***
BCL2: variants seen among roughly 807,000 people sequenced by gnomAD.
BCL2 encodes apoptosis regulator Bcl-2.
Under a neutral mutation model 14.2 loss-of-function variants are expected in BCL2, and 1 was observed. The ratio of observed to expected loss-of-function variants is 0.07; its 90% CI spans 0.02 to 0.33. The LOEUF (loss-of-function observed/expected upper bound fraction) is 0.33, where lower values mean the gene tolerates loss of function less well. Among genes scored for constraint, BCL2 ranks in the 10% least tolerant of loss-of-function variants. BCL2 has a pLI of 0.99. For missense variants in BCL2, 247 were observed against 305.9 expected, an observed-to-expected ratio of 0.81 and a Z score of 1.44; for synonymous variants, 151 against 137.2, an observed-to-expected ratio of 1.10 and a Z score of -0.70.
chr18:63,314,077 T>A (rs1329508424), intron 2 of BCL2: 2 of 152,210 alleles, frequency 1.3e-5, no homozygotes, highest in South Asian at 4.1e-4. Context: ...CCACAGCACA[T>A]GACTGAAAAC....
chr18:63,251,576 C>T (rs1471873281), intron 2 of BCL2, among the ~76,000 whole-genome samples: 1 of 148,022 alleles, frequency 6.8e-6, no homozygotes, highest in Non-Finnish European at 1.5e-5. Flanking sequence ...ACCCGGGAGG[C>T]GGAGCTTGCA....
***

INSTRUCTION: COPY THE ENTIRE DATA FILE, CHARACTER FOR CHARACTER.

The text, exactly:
BCL2: variants seen among roughly 807,000 people sequenced by gnomAD.
BCL2 encodes apoptosis regulator Bcl-2.
Under a neutral mutation model 14.2 loss-of-function variants are expected in BCL2, and 1 was observed. The ratio of observed to expected loss-of-function variants is 0.07; its 90% CI spans 0.02 to 0.33. The LOEUF (loss-of-function observed/expected upper bound fraction) is 0.33, where lower values mean the gene tolerates loss of function less well. Among genes scored for constraint, BCL2 ranks in the 10% least tolerant of loss-of-function variants. BCL2 has a pLI of 0.99. For missense variants in BCL2, 247 were observed against 305.9 expected, an observed-to-expected ratio of 0.81 and a Z score of 1.44; for synonymous variants, 151 against 137.2, an observed-to-expected ratio of 1.10 and a Z score of -0.70.
chr18:63,314,077 T>A (rs1329508424), intron 2 of BCL2: 2 of 152,210 alleles, frequency 1.3e-5, no homozygotes, highest in South Asian at 4.1e-4. Context: ...CCACAGCACA[T>A]GACTGAAAAC....
chr18:63,251,576 C>T (rs1471873281), intron 2 of BCL2, among the ~76,000 whole-genome samples: 1 of 148,022 alleles, frequency 6.8e-6, no homozygotes, highest in Non-Finnish European at 1.5e-5. Flanking sequence ...ACCCGGGAGG[C>T]GGAGCTTGCA....